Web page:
( To calculate the odds, you can see this website: https://web.archive.org/web/20170423032439/http://creationsafaris.com/epoi_c06.htm#ec06f12x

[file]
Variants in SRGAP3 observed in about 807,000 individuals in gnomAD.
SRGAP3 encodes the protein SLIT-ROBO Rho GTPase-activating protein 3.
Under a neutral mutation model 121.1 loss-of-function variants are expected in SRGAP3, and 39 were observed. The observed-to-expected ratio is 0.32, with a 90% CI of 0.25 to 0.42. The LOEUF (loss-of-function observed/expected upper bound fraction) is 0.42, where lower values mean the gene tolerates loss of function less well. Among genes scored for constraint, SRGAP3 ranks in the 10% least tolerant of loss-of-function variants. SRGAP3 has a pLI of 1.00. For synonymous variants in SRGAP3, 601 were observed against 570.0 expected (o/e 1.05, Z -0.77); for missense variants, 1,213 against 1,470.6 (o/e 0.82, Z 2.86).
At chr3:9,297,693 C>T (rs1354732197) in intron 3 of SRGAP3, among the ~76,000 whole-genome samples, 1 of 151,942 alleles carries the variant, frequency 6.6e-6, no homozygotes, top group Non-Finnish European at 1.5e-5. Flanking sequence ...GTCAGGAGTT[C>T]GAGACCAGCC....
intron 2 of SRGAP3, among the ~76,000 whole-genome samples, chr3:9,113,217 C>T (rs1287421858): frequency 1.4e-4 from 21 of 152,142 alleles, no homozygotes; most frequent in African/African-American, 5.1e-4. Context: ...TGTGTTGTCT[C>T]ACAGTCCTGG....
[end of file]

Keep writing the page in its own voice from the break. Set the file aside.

Steve Meyer: Signature in the Cell, chapter 10: Taking this into account only causes the improbability of generating the necessary proteins by chance—or the genetic information to produce them—to balloon beyond comprehension. In 1983 distinguished British cosmologist Sir Fred Hoyle calculated the odds of producing the proteins necessary to service a simple one-celled organism by chance at 1 in 10^40,000 . At that time scientists could have questioned his figure. Scientists knew how long proteins were and roughly how many protein types there were in simple cells. But since the amount of functionally specified information in each protein had not yet been measured, probability calculations like Hoyle’s required some guesswork. Axe’s experimental findings suggest that Hoyle’s guesses were pretty good. If we assume that a minimally complex cell needs at least 250 proteins of, on average, 150 amino acids and that the probability of producing just one such protein is 1 in 10^164 as calculated above, then the probability of producing all the necessary proteins needed to service a minimally complex cell is 1 in 10^164 multiplied by itself 250 times, or 1 in 10^41,000.